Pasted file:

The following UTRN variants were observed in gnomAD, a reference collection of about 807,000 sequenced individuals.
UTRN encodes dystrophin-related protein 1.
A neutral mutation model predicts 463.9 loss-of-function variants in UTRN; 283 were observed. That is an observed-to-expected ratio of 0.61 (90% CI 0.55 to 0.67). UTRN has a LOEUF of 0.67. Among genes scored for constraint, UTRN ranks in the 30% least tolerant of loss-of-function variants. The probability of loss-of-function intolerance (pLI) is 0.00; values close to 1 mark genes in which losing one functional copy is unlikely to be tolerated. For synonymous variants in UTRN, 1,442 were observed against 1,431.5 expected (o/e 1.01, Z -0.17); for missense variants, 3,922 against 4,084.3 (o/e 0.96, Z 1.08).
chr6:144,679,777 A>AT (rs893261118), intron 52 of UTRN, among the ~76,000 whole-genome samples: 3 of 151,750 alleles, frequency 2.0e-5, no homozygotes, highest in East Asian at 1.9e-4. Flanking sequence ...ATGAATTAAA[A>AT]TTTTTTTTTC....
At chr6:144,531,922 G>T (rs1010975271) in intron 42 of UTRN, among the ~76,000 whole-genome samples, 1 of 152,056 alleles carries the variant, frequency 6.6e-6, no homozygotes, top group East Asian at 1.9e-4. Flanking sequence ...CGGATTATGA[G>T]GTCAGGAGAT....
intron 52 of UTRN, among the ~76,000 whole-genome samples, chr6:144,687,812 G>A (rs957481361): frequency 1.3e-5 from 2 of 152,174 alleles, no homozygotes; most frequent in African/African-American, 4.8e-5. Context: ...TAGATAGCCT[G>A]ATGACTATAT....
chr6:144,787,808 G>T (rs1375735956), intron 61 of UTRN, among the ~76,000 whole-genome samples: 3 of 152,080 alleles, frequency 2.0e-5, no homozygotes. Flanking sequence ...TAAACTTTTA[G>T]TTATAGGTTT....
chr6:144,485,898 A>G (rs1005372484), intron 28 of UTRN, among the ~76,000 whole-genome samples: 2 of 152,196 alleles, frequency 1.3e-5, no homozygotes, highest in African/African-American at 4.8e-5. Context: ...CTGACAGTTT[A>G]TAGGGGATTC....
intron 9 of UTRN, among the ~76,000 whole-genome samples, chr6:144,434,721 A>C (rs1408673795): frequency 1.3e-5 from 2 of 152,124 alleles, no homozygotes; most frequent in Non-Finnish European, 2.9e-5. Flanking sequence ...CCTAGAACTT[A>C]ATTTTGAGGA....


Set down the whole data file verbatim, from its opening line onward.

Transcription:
The following UTRN variants were observed in gnomAD, a reference collection of about 807,000 sequenced individuals.
UTRN encodes dystrophin-related protein 1.
A neutral mutation model predicts 463.9 loss-of-function variants in UTRN; 283 were observed. That is an observed-to-expected ratio of 0.61 (90% CI 0.55 to 0.67). UTRN has a LOEUF of 0.67. Among genes scored for constraint, UTRN ranks in the 30% least tolerant of loss-of-function variants. The probability of loss-of-function intolerance (pLI) is 0.00; values close to 1 mark genes in which losing one functional copy is unlikely to be tolerated. For synonymous variants in UTRN, 1,442 were observed against 1,431.5 expected (o/e 1.01, Z -0.17); for missense variants, 3,922 against 4,084.3 (o/e 0.96, Z 1.08).
chr6:144,679,777 A>AT (rs893261118), intron 52 of UTRN, among the ~76,000 whole-genome samples: 3 of 151,750 alleles, frequency 2.0e-5, no homozygotes, highest in East Asian at 1.9e-4. Flanking sequence ...ATGAATTAAA[A>AT]TTTTTTTTTC....
At chr6:144,531,922 G>T (rs1010975271) in intron 42 of UTRN, among the ~76,000 whole-genome samples, 1 of 152,056 alleles carries the variant, frequency 6.6e-6, no homozygotes, top group East Asian at 1.9e-4. Flanking sequence ...CGGATTATGA[G>T]GTCAGGAGAT....
intron 52 of UTRN, among the ~76,000 whole-genome samples, chr6:144,687,812 G>A (rs957481361): frequency 1.3e-5 from 2 of 152,174 alleles, no homozygotes; most frequent in African/African-American, 4.8e-5. Context: ...TAGATAGCCT[G>A]ATGACTATAT....
chr6:144,787,808 G>T (rs1375735956), intron 61 of UTRN, among the ~76,000 whole-genome samples: 3 of 152,080 alleles, frequency 2.0e-5, no homozygotes. Flanking sequence ...TAAACTTTTA[G>T]TTATAGGTTT....
chr6:144,485,898 A>G (rs1005372484), intron 28 of UTRN, among the ~76,000 whole-genome samples: 2 of 152,196 alleles, frequency 1.3e-5, no homozygotes, highest in African/African-American at 4.8e-5. Context: ...CTGACAGTTT[A>G]TAGGGGATTC....
intron 9 of UTRN, among the ~76,000 whole-genome samples, chr6:144,434,721 A>C (rs1408673795): frequency 1.3e-5 from 2 of 152,124 alleles, no homozygotes; most frequent in Non-Finnish European, 2.9e-5. Flanking sequence ...CCTAGAACTT[A>C]ATTTTGAGGA....